Android Gets New Anti-Spoofing Feature to Make Biometric More Secure

Biometric authentications, like the fingerprint, IRIS, or face recognition technologies, smoothen the process of unlocking devices and applications by making it notably faster and secure.


New Biometric Metrics to Identify Spoofing and Imposter Attacks

In brief, ‘False Accept Rate’ defines how often the biometric model accidentally classifies an incorrect input as belonging to the targeted user, while ‘False Reject Rate’ records how often a biometric model accidentally classifies the user’s biometric as incorrect.

Google says none of the given metrics is capable enough to precisely identify if biometric data entered by a user is an attempt by an attacker to make unauthorized access using any spoofing or impostor attack.

In an attempt to resolve this issue, in addition to FAR and FRR, Google has now introduced two new metrics—Spoof Accept Rate (SAR) and Imposter Accept Rate (IAR)—that explicitly account for an attacker in the threat model.

“As their names suggest, these metrics measure how easily an attacker can bypass a biometric authentication scheme,” Vishwath Mohan, a security engineer with Google Android team, says.

“Spoofing refers to the use of a known-good recording (e.g., replaying a voice recording or using a face or fingerprint picture), while impostor acceptance means a successful mimicking of another user’s biometric (e.g., trying to sound or look like a target user).”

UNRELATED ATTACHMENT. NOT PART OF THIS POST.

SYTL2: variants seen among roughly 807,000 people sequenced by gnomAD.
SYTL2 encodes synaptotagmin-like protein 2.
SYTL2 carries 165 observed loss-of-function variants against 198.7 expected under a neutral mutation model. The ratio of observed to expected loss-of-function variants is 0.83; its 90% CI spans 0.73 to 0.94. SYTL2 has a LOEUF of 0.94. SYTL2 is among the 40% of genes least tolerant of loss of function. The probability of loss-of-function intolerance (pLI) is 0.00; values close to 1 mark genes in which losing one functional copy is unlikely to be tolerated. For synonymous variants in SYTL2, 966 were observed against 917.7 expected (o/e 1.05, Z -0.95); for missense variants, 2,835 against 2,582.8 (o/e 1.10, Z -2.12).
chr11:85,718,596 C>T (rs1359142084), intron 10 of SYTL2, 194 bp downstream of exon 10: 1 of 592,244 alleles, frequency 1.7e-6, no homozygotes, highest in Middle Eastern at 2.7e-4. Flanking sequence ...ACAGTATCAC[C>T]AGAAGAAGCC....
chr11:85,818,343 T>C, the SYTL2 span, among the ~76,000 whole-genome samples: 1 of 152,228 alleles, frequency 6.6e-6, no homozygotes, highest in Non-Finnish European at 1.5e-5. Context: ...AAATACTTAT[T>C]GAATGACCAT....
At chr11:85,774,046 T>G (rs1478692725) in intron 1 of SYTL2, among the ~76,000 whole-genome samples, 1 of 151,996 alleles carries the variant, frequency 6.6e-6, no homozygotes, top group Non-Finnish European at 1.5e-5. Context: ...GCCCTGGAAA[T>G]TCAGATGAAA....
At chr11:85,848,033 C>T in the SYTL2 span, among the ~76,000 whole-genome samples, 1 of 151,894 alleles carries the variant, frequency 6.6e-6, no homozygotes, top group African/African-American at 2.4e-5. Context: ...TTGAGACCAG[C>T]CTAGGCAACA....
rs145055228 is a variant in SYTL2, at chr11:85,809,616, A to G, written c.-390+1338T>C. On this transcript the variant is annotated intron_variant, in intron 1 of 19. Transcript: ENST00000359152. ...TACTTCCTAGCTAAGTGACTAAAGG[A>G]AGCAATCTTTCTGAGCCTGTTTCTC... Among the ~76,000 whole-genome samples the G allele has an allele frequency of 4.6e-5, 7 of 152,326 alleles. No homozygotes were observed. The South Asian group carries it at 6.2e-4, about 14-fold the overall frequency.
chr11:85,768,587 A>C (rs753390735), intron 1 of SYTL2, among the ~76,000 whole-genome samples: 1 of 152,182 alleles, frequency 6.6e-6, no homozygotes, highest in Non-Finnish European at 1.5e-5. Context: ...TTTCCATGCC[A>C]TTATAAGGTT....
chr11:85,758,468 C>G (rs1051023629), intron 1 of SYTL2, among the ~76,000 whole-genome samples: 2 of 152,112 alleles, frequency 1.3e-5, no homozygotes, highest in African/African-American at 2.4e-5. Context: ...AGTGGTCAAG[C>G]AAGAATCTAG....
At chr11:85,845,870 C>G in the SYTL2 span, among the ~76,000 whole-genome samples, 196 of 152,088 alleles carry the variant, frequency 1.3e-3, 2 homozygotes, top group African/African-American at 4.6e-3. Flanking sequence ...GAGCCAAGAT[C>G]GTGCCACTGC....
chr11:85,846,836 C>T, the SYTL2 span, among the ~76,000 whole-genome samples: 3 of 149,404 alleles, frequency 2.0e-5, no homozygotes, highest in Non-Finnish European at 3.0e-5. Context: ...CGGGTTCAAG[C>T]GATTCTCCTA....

Google to Enforce Strong Biometric Authentication Policies

  • It will prompt the user to re-enter their primary PIN, pattern, password or a strong biometric if the device is inactive for at least 4 hours (such as when left at a desk or charging).
  • In case, you left your device unattended for 72-hours, the system will enforce policy mentioned above for both weak and strong biometrics.
  • For additional safety, users authenticated with weak biometric would not be able to make payments or participate in other transactions that involve a KeyStore auth-bound key


credits: TheHackerNews

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Ashwini Gurne

Ashwini Gurne is a software developer and also a contributor for Security leaks. As a contributor, her aim is to work on latest technologies and to spread cyber awareness among general public.

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